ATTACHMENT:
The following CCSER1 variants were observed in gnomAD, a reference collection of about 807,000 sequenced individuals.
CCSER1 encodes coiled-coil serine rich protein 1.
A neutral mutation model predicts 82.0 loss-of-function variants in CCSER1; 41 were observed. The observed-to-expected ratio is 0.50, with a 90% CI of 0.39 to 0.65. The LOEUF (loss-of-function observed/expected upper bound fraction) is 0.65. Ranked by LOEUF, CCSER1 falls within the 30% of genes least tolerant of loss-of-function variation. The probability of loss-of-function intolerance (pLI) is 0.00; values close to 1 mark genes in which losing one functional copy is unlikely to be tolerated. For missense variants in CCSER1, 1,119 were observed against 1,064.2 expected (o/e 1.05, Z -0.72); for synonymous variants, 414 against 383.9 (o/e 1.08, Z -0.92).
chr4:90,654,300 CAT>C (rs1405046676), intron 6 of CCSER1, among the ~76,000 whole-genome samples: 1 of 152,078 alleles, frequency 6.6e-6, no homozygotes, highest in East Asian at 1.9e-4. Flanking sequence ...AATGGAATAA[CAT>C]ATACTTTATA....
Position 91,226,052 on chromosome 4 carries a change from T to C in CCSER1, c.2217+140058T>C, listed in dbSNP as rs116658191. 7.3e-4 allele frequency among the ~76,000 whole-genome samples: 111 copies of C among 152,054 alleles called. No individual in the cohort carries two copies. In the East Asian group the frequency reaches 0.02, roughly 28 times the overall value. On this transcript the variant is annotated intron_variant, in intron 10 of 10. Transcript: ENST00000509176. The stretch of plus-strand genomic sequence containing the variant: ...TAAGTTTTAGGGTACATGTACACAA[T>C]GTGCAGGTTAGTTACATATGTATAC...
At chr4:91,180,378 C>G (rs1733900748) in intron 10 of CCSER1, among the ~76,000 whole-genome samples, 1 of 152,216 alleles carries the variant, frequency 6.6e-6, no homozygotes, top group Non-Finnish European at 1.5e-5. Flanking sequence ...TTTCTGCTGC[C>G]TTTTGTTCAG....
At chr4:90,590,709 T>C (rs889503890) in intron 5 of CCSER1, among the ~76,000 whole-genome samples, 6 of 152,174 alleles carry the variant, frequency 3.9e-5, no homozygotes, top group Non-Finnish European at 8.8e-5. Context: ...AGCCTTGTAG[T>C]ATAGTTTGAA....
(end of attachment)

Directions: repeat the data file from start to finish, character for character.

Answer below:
The following CCSER1 variants were observed in gnomAD, a reference collection of about 807,000 sequenced individuals.
CCSER1 encodes coiled-coil serine rich protein 1.
A neutral mutation model predicts 82.0 loss-of-function variants in CCSER1; 41 were observed. The observed-to-expected ratio is 0.50, with a 90% CI of 0.39 to 0.65. The LOEUF (loss-of-function observed/expected upper bound fraction) is 0.65. Ranked by LOEUF, CCSER1 falls within the 30% of genes least tolerant of loss-of-function variation. The probability of loss-of-function intolerance (pLI) is 0.00; values close to 1 mark genes in which losing one functional copy is unlikely to be tolerated. For missense variants in CCSER1, 1,119 were observed against 1,064.2 expected (o/e 1.05, Z -0.72); for synonymous variants, 414 against 383.9 (o/e 1.08, Z -0.92).
chr4:90,654,300 CAT>C (rs1405046676), intron 6 of CCSER1, among the ~76,000 whole-genome samples: 1 of 152,078 alleles, frequency 6.6e-6, no homozygotes, highest in East Asian at 1.9e-4. Flanking sequence ...AATGGAATAA[CAT>C]ATACTTTATA....
Position 91,226,052 on chromosome 4 carries a change from T to C in CCSER1, c.2217+140058T>C, listed in dbSNP as rs116658191. 7.3e-4 allele frequency among the ~76,000 whole-genome samples: 111 copies of C among 152,054 alleles called. No individual in the cohort carries two copies. In the East Asian group the frequency reaches 0.02, roughly 28 times the overall value. On this transcript the variant is annotated intron_variant, in intron 10 of 10. Transcript: ENST00000509176. The stretch of plus-strand genomic sequence containing the variant: ...TAAGTTTTAGGGTACATGTACACAA[T>C]GTGCAGGTTAGTTACATATGTATAC...
At chr4:91,180,378 C>G (rs1733900748) in intron 10 of CCSER1, among the ~76,000 whole-genome samples, 1 of 152,216 alleles carries the variant, frequency 6.6e-6, no homozygotes, top group Non-Finnish European at 1.5e-5. Flanking sequence ...TTTCTGCTGC[C>G]TTTTGTTCAG....
At chr4:90,590,709 T>C (rs889503890) in intron 5 of CCSER1, among the ~76,000 whole-genome samples, 6 of 152,174 alleles carry the variant, frequency 3.9e-5, no homozygotes, top group Non-Finnish European at 8.8e-5. Context: ...AGCCTTGTAG[T>C]ATAGTTTGAA....